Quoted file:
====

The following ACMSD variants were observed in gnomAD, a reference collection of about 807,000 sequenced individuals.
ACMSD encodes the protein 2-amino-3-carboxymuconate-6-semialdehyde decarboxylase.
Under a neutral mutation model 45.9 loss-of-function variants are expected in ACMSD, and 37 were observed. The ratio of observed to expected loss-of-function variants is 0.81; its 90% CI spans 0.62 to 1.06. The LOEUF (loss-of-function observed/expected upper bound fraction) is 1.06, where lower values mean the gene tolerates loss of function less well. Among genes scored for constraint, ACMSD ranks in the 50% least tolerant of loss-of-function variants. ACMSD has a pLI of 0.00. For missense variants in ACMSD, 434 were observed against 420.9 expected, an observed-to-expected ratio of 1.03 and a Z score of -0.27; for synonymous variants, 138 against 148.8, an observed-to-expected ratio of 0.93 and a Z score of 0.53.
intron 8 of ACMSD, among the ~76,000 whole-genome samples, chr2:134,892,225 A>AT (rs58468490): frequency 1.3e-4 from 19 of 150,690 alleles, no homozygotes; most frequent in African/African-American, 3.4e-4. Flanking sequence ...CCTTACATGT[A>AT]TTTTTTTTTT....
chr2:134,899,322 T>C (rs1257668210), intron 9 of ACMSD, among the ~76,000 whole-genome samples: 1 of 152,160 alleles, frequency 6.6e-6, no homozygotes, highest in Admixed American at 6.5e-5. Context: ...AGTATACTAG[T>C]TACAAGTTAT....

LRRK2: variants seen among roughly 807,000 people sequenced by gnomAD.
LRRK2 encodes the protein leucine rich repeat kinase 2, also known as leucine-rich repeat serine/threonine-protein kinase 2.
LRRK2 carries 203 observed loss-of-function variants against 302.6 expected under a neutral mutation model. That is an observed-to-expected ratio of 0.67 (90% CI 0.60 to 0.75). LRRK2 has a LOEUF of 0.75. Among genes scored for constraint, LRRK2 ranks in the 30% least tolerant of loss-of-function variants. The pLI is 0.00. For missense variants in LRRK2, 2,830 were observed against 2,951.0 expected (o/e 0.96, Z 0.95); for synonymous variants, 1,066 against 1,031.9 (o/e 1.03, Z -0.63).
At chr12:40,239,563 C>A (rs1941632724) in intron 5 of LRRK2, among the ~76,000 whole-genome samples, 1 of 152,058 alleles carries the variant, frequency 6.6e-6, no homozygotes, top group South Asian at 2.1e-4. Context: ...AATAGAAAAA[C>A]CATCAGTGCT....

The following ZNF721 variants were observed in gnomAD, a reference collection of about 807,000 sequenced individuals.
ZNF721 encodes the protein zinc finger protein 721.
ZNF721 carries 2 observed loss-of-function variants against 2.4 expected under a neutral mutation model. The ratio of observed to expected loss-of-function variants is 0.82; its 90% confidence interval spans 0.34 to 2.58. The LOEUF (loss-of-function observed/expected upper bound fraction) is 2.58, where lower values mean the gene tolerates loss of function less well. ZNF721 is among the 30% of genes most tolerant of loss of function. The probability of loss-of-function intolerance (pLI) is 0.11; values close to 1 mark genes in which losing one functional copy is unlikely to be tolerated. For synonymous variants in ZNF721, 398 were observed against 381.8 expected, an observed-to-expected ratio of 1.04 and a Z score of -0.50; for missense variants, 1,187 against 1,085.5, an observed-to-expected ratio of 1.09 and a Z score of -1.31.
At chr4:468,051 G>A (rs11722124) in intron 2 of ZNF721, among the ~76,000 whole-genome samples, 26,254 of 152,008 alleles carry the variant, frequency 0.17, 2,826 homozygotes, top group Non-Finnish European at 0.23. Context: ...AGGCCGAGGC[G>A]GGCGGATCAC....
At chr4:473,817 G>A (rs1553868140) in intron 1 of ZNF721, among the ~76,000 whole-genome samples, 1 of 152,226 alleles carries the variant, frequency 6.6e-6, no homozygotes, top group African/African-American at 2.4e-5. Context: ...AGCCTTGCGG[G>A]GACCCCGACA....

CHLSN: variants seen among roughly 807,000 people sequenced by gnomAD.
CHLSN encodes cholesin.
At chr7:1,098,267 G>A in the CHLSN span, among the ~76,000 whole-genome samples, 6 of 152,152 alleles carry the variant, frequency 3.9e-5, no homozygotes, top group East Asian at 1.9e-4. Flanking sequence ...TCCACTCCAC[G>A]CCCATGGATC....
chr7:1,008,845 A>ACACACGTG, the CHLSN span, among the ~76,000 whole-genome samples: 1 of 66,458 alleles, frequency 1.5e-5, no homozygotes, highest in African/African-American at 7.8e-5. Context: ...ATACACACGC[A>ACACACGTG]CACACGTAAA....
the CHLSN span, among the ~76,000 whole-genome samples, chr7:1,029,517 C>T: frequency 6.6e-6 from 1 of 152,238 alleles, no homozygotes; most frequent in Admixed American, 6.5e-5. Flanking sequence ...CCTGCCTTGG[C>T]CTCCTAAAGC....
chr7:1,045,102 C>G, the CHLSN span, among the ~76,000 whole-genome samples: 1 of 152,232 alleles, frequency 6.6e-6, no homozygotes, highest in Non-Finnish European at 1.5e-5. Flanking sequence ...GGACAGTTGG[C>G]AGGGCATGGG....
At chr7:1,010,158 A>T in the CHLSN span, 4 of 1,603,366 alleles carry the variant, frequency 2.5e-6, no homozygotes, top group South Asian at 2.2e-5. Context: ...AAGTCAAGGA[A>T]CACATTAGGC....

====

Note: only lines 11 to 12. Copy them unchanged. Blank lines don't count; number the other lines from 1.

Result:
ZNF721 encodes the protein zinc finger protein 721.
ZNF721 carries 2 observed loss-of-function variants against 2.4 expected under a neutral mutation model. The ratio of observed to expected loss-of-function variants is 0.82; its 90% confidence interval spans 0.34 to 2.58. The LOEUF (loss-of-function observed/expected upper bound fraction) is 2.58, where lower values mean the gene tolerates loss of function less well. ZNF721 is among the 30% of genes most tolerant of loss of function. The probability of loss-of-function intolerance (pLI) is 0.11; values close to 1 mark genes in which losing one functional copy is unlikely to be tolerated. For synonymous variants in ZNF721, 398 were observed against 381.8 expected, an observed-to-expected ratio of 1.04 and a Z score of -0.50; for missense variants, 1,187 against 1,085.5, an observed-to-expected ratio of 1.09 and a Z score of -1.31.